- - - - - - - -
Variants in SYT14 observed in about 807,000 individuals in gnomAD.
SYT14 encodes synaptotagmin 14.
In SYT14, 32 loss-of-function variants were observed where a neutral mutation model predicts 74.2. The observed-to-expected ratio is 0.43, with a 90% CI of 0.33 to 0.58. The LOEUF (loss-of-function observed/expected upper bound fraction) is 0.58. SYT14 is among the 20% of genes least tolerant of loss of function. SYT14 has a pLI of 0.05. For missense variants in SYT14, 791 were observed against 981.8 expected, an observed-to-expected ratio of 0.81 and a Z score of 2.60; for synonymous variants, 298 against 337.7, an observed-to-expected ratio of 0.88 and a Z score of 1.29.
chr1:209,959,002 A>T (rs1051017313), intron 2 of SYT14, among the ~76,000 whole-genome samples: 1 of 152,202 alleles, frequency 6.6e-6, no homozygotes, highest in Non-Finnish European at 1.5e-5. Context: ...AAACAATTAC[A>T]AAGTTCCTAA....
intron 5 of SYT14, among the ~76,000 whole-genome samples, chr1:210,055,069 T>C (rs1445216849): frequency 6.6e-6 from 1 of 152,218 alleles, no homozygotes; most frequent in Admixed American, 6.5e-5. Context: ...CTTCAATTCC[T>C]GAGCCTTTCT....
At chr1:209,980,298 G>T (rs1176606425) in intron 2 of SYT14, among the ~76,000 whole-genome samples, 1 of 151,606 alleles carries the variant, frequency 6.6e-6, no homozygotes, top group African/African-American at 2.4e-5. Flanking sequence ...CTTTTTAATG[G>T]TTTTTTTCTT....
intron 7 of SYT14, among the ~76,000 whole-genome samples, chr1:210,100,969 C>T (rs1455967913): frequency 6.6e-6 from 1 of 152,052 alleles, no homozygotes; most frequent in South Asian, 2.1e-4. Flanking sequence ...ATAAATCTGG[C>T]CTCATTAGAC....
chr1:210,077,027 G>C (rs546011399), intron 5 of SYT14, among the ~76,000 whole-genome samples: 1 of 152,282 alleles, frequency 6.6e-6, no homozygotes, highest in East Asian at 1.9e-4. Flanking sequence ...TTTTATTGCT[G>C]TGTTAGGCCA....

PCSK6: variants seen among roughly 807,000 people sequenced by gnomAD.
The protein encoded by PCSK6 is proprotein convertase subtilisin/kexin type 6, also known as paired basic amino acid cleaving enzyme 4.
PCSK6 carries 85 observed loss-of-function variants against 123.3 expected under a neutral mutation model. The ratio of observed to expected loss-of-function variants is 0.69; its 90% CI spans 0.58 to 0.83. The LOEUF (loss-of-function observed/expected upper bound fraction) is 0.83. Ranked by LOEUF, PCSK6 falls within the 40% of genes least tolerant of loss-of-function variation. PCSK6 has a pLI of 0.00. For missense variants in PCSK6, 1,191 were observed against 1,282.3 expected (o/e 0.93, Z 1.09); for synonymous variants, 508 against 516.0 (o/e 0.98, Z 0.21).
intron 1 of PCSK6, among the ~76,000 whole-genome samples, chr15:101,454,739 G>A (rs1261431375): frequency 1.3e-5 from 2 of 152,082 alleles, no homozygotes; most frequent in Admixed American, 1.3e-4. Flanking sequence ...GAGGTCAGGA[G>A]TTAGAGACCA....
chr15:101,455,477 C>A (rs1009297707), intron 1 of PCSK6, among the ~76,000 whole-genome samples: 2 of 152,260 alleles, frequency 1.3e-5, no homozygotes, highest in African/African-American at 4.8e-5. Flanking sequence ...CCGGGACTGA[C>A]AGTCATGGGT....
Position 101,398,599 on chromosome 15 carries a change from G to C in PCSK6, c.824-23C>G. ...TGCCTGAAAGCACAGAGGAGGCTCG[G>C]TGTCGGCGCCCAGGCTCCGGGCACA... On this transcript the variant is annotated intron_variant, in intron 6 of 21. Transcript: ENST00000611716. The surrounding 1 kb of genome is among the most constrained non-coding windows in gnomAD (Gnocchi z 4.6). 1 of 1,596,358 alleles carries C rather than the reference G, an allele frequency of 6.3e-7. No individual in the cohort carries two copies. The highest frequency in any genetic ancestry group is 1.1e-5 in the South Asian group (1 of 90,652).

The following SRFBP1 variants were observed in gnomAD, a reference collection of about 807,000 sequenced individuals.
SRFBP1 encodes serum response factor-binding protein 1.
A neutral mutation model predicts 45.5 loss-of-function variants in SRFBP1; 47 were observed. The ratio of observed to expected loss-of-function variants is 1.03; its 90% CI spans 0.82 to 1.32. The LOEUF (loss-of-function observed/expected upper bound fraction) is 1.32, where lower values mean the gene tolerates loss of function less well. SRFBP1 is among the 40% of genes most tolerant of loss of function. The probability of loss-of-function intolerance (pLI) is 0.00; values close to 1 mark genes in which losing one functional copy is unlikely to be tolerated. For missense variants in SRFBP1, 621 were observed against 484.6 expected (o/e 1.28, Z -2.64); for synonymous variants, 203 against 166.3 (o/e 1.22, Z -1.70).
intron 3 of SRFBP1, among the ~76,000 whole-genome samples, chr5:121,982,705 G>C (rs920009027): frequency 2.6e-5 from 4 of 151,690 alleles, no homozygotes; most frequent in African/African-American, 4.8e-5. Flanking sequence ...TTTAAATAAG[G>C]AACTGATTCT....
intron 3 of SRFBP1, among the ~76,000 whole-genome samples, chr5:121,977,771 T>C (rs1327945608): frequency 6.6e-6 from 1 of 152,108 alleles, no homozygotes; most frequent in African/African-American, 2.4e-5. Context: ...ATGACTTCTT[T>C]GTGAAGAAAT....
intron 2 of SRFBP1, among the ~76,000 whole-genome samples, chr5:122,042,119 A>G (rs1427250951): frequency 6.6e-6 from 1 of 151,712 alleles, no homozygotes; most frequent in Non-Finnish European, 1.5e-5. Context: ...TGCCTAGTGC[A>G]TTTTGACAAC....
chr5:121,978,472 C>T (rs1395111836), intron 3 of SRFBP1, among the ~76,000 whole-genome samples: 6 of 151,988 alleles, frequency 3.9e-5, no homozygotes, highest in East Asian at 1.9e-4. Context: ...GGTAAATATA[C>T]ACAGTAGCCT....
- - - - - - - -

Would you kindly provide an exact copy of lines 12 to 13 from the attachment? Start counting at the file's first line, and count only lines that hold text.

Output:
intron 1 of PCSK6, among the ~76,000 whole-genome samples, chr15:101,454,739 G>A (rs1261431375): frequency 1.3e-5 from 2 of 152,082 alleles, no homozygotes; most frequent in Admixed American, 1.3e-4. Flanking sequence ...GAGGTCAGGA[G>A]TTAGAGACCA....
chr15:101,455,477 C>A (rs1009297707), intron 1 of PCSK6, among the ~76,000 whole-genome samples: 2 of 152,260 alleles, frequency 1.3e-5, no homozygotes, highest in African/African-American at 4.8e-5. Flanking sequence ...CCGGGACTGA[C>A]AGTCATGGGT....